On more than one occasion Wednesday night, in the fourth quarter of the Timberwolves’ victory over Boston, Lorenzo Brown looked over his shoulder, expecting a call back to the Wolves bench.
It never came.
There were a number of encouraging things to come out of that victory for the Wolves. Kevin Martin, after missing 34 games because of a broken right wrist, returned to score 21 points. With Nikola Pekovic pounding down low and with Martin on the perimeter, rookie Zach LaVine found the space to score 13 points in the third quarter.
And then there was Brown. One day removed from the NBA Development League, with only a morning shoot under his belt, he played 24 minutes at point guard, scored a career-high 11 points and had three assists.
That included playing all 12 minutes in the fourth quarter.
“He wasn’t shy,” coach Flip Saunders said. “He has confidence. The reason we called him up was because of the way he played in the D-League.”
Brown is on a 10-day contract, one prompted by Ricky Rubio’s lingering ankle injury and the fact that Mo Williams — who missed Wednesday’s game for personal reasons — also is battling body soreness brought on by big minutes.
The Wolves liked Brown enough to draft him in the second round a year ago out of North Carolina State, and remained interested even after making him one of the final cuts last year. After a strong showing this season with Grand Rapids of the D-League, they called him up. And he is going to be given every opportunity to stick.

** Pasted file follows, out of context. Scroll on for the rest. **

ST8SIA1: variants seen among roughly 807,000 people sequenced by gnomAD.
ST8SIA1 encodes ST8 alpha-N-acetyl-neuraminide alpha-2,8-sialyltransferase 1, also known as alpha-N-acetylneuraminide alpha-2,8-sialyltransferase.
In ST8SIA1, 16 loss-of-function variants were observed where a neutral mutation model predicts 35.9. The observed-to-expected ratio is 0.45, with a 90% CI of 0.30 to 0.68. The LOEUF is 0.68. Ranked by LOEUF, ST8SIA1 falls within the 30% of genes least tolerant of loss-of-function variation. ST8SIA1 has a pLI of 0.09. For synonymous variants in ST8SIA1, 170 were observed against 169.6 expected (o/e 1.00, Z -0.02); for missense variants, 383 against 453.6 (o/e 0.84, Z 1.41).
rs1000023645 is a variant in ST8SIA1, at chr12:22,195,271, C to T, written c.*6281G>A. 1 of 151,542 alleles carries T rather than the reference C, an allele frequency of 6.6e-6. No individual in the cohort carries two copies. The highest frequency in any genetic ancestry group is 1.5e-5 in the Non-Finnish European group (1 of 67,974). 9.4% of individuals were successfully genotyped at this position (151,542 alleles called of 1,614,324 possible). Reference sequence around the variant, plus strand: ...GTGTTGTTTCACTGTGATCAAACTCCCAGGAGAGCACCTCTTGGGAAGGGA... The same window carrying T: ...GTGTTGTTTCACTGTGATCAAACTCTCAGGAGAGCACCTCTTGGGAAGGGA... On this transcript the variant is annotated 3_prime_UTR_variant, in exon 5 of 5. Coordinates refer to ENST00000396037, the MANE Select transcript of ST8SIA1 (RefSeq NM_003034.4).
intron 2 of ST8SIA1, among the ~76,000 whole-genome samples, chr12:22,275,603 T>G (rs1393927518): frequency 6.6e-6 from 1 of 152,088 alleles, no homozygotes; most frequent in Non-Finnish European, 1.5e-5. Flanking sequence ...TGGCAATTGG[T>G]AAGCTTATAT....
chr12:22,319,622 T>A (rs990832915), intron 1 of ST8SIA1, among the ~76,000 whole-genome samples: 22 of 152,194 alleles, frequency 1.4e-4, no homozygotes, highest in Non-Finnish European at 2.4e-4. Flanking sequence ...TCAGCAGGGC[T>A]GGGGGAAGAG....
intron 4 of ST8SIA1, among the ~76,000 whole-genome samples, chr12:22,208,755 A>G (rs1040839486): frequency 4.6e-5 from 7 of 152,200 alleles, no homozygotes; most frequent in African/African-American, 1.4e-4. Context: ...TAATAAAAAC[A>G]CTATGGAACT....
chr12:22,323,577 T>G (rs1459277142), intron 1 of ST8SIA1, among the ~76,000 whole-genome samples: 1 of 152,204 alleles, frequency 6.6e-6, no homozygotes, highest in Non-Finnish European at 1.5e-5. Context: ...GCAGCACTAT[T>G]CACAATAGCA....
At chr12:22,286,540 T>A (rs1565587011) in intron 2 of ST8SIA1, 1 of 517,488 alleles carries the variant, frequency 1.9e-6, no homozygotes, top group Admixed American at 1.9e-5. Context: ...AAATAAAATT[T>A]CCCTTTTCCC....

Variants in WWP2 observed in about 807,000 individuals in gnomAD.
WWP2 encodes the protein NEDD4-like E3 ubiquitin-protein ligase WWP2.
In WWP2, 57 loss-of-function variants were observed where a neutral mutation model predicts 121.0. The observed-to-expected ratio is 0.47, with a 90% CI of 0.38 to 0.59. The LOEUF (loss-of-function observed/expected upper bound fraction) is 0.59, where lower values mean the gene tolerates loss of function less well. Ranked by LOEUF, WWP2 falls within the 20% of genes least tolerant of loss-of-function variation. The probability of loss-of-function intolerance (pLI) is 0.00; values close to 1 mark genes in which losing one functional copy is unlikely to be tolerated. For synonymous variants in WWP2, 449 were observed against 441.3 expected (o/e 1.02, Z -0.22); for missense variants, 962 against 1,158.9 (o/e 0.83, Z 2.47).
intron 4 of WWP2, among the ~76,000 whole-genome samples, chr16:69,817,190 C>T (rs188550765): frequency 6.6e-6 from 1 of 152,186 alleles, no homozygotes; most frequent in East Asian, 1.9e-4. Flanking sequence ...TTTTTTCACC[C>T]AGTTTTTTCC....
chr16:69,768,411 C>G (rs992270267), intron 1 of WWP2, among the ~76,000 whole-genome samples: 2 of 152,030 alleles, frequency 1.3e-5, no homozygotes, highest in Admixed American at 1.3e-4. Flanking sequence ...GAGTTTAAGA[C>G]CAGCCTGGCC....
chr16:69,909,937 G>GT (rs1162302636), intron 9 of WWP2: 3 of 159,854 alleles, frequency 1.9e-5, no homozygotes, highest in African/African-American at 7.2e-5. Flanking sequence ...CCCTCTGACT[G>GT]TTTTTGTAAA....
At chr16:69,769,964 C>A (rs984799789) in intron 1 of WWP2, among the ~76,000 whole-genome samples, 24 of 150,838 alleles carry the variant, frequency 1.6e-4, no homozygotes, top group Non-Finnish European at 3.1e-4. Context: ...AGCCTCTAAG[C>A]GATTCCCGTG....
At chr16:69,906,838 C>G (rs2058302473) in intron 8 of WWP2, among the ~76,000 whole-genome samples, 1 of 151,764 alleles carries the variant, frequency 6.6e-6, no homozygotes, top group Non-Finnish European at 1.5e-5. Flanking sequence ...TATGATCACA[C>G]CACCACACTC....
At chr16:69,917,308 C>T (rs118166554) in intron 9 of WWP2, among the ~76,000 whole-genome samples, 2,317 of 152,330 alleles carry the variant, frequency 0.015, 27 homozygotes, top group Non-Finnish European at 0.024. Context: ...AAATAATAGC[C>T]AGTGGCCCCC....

Especially if he continues to play as efficiently as he did Wednesday, when he hit three of six shots, including two of three three-pointers.
Plus, Saunders — who cut his teeth as a coach in the old Continental Basketball Association — has a soft spot for players who work themselves up from the minor leagues.
“I appreciate the commitment and work they put in,” Saunders said. “You know they’re going to be tough, and that they’re going to do what the coach wants.”
What he wanted from Brown was good perimeter defense, the ability to hit the wide-open shot and to prove he can get the Wolves into their offense. Brown delivered on all three, enough that Saunders stuck with him down the stretch even though LaVine had one of his best games.
“Offensively, we were flowing so well, it was best to let those guys finish the game,” Saunders said.
Brown, though, isn’t taking anything for granted. Last season, he played 26 games for the 76ers — the Wolves’ opponent Friday — after being cut by the Wolves. But most of his development has come in the D-League.
Thaddeus Young, who played with Brown in Philadelphia, said that to him, the biggest difference for Brown is environment. “[Philadelphia coach] Brett [Brown] was on him really tough,” Young said. “Flip lets him play his game.”
For Lorenzo Brown, this is a great opportunity. But the key is not to do too much. It’s an easy trap. Maybe a player thinks he has to score a lot to get back to the NBA. Maybe he feels he has to do everything once he gets his chance.
“You have to have a calm pace to your game,” he said. “I feel my focus is a lot different than last year. I worked on my shot a little bit more. And, defensively, I feel I’m more aggressive on the ball.”